BTA-- ReturnParameters initiates a DDE conversation between the label control IbIMailBox in the form Robot1 in the Trust script and IbIMailBox in the form Robot1 in BTA-- frmShell. So here one instance of IbIMailBox is acting as the source and another as the destination using the LinkPoke method.
It will be appreciated that the test plan--the TTS Plan in the embodiment--can be run automatically and unattended, and that the Test Log may be condensed to essential outcomes of each transaction processed by the test plan. By way of summary, the inventive method offers a number of advantages over other automated test tools:
The most time-consuming aspect of test preparation, namely attended operation of the system during test development, is reduced or eliminated.
Since the test logs are in a highly condensed format, interpretation of test results is much faster and less prone to error. Moreover, the condensed, controlled format renders the invention especially suited to auditable applications.
Tests can be free-standing, without dependence on earlier tests or initial database content, because test scripts provide a convenient mechanism for tests to initialise their own test beds.
Investment in test suites (ie a set of test plans, eg TTS Plans) is preserved over many versions of the system. A change in system functionality is normally handled with relatively minor changes to a few existing test scripts, preserving all other test scripts and all test plans.
Time to market is improved, because automated testing because automated testing begins much earlier. With conventional test tools, development of test suites cannot begin until the final system is released from development. Automated testing cannot begin until long after development is complete. Test suites of test plans, however, can and preferably should be, prepared from the Functional Specification while development is in progress. This process is depicted in FIG. 3 and discussed further below. Automated testing begins the day system development is complete. Last-minute functionality changes are accommodated with ease.
The structure permits the use of a simple language which allows the user to write a set of tests that closely match the business activities under scrutiny. The language is sufficiently high level so that the user does not have to be involved in the highly technical "behind the scenes" type work that actually tells the computer application what to do. Other products on the market are not as advanced and rely on the skills of computer programmers to write test plans rather than business users. Thus, there is an ability to convert high level business instructions into low level computer transactions. This allows the customer to focus attention on business issues rather than computer issues.
Test suites are more maintainable. The number of test scripts is minimised because one test script can handle any combination of data values.
Developer productivity is improved by simulating complex business transactions during debugging.
For a given system, the repository test scripts form a common resource which may be shared and re-used by all project teams, leading to productivity improvements.
Auditability is greatly enhanced. Because test plans such as TTS Plans mirror the business, it is easier to ensure adequacy of coverage. And the highly compact nature of test logs make for quicker and more thorough audit.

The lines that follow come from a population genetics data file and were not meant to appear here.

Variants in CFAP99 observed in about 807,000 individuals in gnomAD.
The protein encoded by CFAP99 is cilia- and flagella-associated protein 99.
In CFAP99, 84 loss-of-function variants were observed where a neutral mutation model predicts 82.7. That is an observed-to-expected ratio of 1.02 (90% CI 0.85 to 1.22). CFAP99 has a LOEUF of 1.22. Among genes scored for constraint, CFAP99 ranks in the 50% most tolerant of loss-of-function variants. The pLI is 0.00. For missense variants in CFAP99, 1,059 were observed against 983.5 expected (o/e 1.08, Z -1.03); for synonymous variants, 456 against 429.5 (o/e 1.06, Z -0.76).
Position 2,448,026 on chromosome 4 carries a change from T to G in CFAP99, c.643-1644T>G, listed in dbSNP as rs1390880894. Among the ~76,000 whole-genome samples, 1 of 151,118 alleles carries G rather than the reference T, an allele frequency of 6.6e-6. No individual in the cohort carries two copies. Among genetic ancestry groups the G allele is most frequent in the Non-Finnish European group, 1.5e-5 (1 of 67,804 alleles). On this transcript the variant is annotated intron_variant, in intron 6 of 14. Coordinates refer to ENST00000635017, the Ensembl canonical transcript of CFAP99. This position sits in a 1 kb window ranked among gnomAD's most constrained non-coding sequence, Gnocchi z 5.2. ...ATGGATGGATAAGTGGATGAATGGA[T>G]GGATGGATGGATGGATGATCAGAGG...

As foreshadowed above, application of the inventive method to automated testing preferably begins at a relatively early stage of software system development. FIG. 7 shows the testing life cycle in the environment of the invention.
As the Development box (FIG. 7) shows, the process begins with Project Initiation. Project Definition, Analysis and Design stages follow, with the Functional Specification being written in the Analysis stage. Construction then begins. Finally, the system enters the Deployment sage. These stages tend to be iterative, as indicated by the loops, and reversions to earlier stages can occur.
During the Construction stage, a number of Builds are released for testing, corresponding for example to development milestones. Builds are also released for testing during the Deployment stage.
In the Testing box (FIG. 7), Test Planning is shown as beginning as soon as Project Initiation is complete, and proceeds in parallel with Project Definition.
A business decision may be made to begin writing transaction and test plans while the Functional Specification is still in a draft stage. This gives a substantial time to market benefit, which must be traded off against the possibility of rework costs if the draft undergoes major change.
During Construction each new Build undergoes preliminary testing using the test plans and test scripts written to date. In this iterative process, many defects in Builds, Test plans and test scripts are uncovered and corrected before formal testing begins. Stubs may be used.
By the time the Construction stage is complete, the test plans and test scripts required will have been developed and proven. Final overall testing can be started immediately. Of course, by this time any stubs in the system have been replaced with the required user interfaces.
Sometimes, one may need to refine (or develop) test plans and test scripts for functionality that is already present in the existing system. In that case the existing system may be used to check out the test plans and test scripts involved. This can be done at an early stage, for example while Specifications are still under development.
In this specification, at least MS-DOS, Microsoft Windows and Visual basic are trademarks of Microsoft Corporation. SQA, SQA Suite, and SQA Robot, are trademarks of SQA, Inc of Woburn, Mass. TRUST and TTS are trade marks of Bankers Trust Australia Limited.